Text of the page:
Politics should not dictate how one’s views change
There is nothing wrong with changing one’s mind, especially when confronted with new information. In fact, it’s a virtue; intellectual honesty requires it.
Long-entrenched thinking takes time to “evolve,” as Presidents Obama’s has on same-sex marriage. On that he’s far from alone; millions of Americans have moved to support the principle, a vast sea-change from homophobic days when a mad rush cluttered state constitutions with amendments defining marriage as between opposite-sex couples.
Evolution of thought is a healthy thing. Rigidity of belief reduces the individual to a non-thinking, knee-jerk reactionary. Free-exchange conversations cannot take place with such types since they’re interested only in participating in echo-chamber sounding boards.
After listening to and concluding advocates for open space made a more solid case, I changed my position on land use atop Floyd Hill and took pains to detail the reasons in my columns. It was and is important that my credibility remain intact with my readers.
In some cases, such as presumptive Republican Senate nominee Cory Gardner’s, the credibility of the individual who “changes his/her mind” is suspect.
Gardner is a politician. There’s nothing wrong with that; all elected officials are politicians.
There are, however, three phases in a politician’s life: before, during, and after the campaign. During the first and third phases, he/she is perfectly allowed and even expected to change his/her positions. It makes sense and indicates an open mind. It’s during the second phase—the campaign phase when the push is on for votes—that he/she is on shifting sand.
And therein lies Gardner’s problem: He’s now anti-personhood after years of being pro-personhood. In other words, he was for it before he suddenly became against it.
What changed? National Republicans, panicked that Ken Buck would once again be their senatorial standard-bearer and thus desperate to find a photogenic, scrubbed-face youthful male to take on Mark Udall, tapped Gardner, luring him away from a safe House seat by promising him millions of dollars in financing.
The problem with Gardner is that while his Tea Party shtick has played well on the eastern plains, it doesn’t chime with the majority of Coloradans. To the bone, though, Gardner is a fire-breathing, pitch-fork carrying rightwinger. His record proves it.
“This was a bad idea driven by good intentions,” Gardner told the Denver Post about his years of active support for the personhood amendments. “I was not right. I can’t support personhood now. I can’t support personhood moving forward.”
Gardner is right about being wrong, but he fails to detail why he changed his mind.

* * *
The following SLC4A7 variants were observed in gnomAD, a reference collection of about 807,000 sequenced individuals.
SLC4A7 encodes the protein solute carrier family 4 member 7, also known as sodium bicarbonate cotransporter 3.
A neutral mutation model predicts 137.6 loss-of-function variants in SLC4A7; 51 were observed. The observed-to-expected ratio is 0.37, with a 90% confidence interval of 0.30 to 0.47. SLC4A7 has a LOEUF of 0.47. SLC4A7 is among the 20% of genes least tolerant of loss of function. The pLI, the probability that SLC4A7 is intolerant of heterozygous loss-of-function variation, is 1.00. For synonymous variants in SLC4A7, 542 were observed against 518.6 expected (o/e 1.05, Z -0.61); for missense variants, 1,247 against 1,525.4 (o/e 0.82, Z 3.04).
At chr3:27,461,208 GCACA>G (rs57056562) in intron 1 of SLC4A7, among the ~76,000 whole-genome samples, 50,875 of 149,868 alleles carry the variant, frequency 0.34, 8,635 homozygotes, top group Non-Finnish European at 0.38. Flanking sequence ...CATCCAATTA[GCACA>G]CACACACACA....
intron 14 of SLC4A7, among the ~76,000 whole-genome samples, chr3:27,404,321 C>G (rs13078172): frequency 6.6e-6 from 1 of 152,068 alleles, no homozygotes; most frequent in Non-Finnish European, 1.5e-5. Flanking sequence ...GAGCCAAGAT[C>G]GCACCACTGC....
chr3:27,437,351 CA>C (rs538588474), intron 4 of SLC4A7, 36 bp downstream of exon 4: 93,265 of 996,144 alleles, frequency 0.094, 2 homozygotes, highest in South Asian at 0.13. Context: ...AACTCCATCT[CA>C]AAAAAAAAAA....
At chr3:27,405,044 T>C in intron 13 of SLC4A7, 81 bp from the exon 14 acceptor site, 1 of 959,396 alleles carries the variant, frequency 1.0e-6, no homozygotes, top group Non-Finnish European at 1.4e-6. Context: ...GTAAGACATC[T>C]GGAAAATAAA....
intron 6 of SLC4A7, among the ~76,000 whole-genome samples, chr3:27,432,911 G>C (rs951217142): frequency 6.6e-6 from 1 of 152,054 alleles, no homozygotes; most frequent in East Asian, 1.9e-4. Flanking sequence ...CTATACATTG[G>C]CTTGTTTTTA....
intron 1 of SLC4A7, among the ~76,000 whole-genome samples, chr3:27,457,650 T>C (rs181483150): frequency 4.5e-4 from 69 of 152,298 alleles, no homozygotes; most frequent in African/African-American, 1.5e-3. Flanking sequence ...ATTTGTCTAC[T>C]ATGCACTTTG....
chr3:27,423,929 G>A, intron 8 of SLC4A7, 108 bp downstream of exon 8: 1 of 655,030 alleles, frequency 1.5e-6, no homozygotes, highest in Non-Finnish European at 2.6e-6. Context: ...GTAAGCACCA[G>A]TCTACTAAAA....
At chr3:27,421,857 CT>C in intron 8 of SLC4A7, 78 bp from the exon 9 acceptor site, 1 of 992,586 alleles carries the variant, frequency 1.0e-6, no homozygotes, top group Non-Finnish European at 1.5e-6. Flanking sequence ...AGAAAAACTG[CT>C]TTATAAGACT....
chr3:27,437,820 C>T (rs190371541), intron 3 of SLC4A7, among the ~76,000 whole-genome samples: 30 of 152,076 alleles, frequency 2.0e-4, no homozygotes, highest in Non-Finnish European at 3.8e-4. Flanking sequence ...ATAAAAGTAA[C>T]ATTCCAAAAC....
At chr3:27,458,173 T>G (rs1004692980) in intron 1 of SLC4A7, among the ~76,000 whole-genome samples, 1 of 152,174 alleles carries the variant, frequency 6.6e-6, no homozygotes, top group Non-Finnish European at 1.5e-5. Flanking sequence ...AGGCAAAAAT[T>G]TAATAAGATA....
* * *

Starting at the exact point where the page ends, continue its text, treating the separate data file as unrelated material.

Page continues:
His record is, indeed, a litany of wrongs and the timing of his Road to Damascus conversion to reasonable thought correlates time-wise with his statewide candidacy. What plays well in Limon and Kiowa doesn’t necessarily do so throughout the state.
Further, Gardner won’t tell us where he stands or stood on secession and creating the state of Northern Colorado.
Gardner is not alone. Rep. Mike Coffman is attempting as well to don the robes of a moderate now that his district has been altered. His Achilles’ heel issue is immigration reform.
Coffman justifies his shifting stance on the fact his constituents have changed, thus violating Edmund Burke’s dictum about how a legislator owes his constituents not only his/her industry but also his/her judgment. So, for Coffman what was once a bad idea is now a good one. We can only conclude he judged poorly.
To be sure, there are “justifiers” who come to their defense, such as Republican strategist Katy Atkinson who told the Post that there will always be extremists who demand 100 percent purity. She’s right about extremists demanding purity, but wrong about correlating them to Gardner’s and Coffman’s cases.
This isn’t about ideological purity but rather opportunism and expediency. It’s a matter of integrity.
It comes down to a question of character. Shape-shifting politicos lack credibility because once they have proven they’re willing to alter a fundamental belief in the hopes of getting a few more votes, they can no longer be trusted. In their private lives, Gardner and Coffman might be admirable characters. In their public lives, though, they personify exactly what is seriously wrong with politics today.
Note of gratitude and congratulations to Rick Scott, George Clark, and the rest of the Clear Creek Veterans Coalition for their work in getting the county’s eastern portal named the Veterans Memorial Tunnels. Their efforts transcended party politics and helped unite the Clear Creek community for a common purpose.